Deadwood may not be dead after all. The acclaimed Western show went off the air in 2006, bringing its truncated three-year run to an end, and ever since then there has been wide speculation that the series could be revived and properly finished off with a one-off movie. Recently it was reported that series creator David Milch had delivered a script for a Deadwood movie to HBO, and at least one actor who starred on the original series read the script and gave it his seal of approval.
No Deadwood movie would be possible without Ian McShane reprising the role of Al Swearengen, the eternally conniving and sometimes homicidal tavern proprietor. Though McShane is currently heavily involved in the Starz series American Gods, recent reports indicated that his contract was structured in such a way that if a Deadwood movie materialized, he would be available.
In an interview with Variety, McShane gave a status update on both a possible Deadwood movie and his own potential involvement in same:
There are signs that HBO are quite keen to make it. They’ve got the script. It’s when they’ll make an offer and when we can fit it in. We probably won’t start “American Gods” until probably the end of the year or early next year, so there’s a window when we can do “Deadwood,” but they need to get everybody together. I mean all the characters that David [Milch] wants to put in the show. I’m probably going to have breakfast with him later this week. But no, they’re keen to do it, and I’m sure it would seem not only artistically a perfect time to do it but also commercially because there’s always been a revised interested in “Deadwood.” It went off the air far too soon for all the reasons you say, but that’s a long time ago. It seems like a two hour film would be a nice thing for all the people that want to see it and all of us who were deprived of the gig too early.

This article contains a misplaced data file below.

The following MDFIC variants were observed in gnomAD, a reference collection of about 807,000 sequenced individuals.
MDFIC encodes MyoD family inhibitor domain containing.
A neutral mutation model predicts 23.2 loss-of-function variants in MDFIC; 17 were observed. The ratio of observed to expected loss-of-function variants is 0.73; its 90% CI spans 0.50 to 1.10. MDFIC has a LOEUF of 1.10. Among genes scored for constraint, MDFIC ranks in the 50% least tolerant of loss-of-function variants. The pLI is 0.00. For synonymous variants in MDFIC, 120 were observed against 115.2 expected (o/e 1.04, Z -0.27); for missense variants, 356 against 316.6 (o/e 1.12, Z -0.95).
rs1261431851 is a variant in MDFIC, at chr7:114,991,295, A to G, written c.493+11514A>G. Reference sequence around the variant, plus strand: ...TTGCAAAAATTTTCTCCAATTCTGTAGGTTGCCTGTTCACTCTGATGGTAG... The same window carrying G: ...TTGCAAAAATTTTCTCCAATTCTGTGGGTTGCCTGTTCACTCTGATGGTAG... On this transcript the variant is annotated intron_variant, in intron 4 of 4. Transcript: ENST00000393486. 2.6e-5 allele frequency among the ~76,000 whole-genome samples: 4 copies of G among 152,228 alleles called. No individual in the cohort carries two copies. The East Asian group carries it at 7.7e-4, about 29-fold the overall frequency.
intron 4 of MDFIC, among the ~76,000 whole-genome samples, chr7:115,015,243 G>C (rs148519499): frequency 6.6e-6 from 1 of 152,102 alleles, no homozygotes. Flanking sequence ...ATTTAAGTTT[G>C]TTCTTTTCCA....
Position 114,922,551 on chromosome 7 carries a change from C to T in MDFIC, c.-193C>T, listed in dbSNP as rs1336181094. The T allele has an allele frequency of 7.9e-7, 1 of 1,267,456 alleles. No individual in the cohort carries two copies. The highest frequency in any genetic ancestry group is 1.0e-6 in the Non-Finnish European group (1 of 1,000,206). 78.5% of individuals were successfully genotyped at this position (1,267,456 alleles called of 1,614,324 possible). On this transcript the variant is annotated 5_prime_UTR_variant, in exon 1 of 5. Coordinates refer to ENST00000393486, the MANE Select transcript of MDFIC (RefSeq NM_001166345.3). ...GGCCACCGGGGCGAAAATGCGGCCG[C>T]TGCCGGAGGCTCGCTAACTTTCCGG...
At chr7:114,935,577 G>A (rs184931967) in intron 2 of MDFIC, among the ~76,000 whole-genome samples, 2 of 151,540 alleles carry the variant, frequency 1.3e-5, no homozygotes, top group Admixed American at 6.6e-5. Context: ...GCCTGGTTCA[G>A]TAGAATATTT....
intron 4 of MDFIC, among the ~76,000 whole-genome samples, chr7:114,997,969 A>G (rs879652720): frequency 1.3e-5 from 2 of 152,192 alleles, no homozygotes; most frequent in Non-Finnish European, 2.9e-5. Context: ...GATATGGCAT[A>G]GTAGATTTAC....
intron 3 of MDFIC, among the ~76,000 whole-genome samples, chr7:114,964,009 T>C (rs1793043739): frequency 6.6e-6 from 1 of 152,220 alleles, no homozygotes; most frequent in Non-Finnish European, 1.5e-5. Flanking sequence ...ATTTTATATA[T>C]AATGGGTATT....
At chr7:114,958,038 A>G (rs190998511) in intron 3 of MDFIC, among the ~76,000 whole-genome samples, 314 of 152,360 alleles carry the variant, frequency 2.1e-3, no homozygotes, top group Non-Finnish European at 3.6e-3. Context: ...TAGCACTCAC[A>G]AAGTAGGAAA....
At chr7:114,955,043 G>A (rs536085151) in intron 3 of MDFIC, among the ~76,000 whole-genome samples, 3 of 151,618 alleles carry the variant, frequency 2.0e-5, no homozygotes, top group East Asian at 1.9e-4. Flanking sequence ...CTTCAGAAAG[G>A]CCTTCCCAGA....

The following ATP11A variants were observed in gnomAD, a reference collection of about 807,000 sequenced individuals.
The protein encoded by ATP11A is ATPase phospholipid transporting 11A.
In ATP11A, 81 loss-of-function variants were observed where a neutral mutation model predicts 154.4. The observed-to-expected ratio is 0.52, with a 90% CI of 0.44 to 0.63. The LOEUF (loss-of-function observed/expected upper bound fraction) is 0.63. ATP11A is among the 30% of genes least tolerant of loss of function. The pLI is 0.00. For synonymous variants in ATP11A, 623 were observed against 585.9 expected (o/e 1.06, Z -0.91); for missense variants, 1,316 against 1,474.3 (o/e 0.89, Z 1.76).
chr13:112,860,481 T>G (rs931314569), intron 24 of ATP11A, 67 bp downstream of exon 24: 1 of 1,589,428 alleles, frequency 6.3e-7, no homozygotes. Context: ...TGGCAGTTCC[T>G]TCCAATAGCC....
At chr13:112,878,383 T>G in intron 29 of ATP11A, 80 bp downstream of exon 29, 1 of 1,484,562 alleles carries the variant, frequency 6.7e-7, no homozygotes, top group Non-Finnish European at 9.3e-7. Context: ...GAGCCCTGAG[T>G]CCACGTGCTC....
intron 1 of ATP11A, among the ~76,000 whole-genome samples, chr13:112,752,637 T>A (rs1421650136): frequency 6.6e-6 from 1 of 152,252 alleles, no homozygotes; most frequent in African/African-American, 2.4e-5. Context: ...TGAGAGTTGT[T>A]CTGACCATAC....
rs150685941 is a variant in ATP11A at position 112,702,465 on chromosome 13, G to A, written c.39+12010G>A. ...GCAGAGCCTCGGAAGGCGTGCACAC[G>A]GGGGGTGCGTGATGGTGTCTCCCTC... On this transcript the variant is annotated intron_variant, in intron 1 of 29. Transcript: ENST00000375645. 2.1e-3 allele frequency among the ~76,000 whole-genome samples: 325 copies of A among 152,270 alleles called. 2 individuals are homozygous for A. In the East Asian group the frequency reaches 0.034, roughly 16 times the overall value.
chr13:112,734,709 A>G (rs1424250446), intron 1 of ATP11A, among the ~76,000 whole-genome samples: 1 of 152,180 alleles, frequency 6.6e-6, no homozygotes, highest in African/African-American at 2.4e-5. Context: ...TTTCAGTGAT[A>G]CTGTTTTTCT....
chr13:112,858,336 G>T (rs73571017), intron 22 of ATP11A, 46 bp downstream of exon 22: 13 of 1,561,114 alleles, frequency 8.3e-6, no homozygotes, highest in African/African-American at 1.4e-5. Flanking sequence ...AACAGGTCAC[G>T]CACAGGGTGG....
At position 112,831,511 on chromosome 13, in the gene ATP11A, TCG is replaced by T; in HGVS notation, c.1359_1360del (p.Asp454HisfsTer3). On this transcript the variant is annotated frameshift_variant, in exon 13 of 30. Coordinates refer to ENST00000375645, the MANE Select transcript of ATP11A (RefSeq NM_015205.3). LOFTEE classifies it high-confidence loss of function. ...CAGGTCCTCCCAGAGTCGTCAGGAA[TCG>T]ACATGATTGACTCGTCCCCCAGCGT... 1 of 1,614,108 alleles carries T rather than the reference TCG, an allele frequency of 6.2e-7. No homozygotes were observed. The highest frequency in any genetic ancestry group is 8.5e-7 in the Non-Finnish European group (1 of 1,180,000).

Reports about McShane's American Gods contract said there would be no issue about him going over to HBO to do a Deadwood movie, so long as there were no conflicts in terms of shooting schedules. McShane in his comments above makes it clear that, with American Gods season 2 getting ready to go before cameras in late 2017 or early 2018, there is a window open for him to be in a Deadwood movie but that window will not be open for long.
The question now is whether HBO and Milch can bring everything together on a schedule that works for McShane and the other key actors who would need to be involved in a Deadwood movie. The fact that McShane and Milch will soon be having breakfast together could be an indication that things are moving forward quickly.
Not only is HBO keen to make a Deadwood movie happen, but fans of the late lamented show are as well. No conversation about the development of today's concept of prestige television would be complete without a discussion of Deadwood and its profane, poetic, complex, dramatic and immensely detailed take on the American West.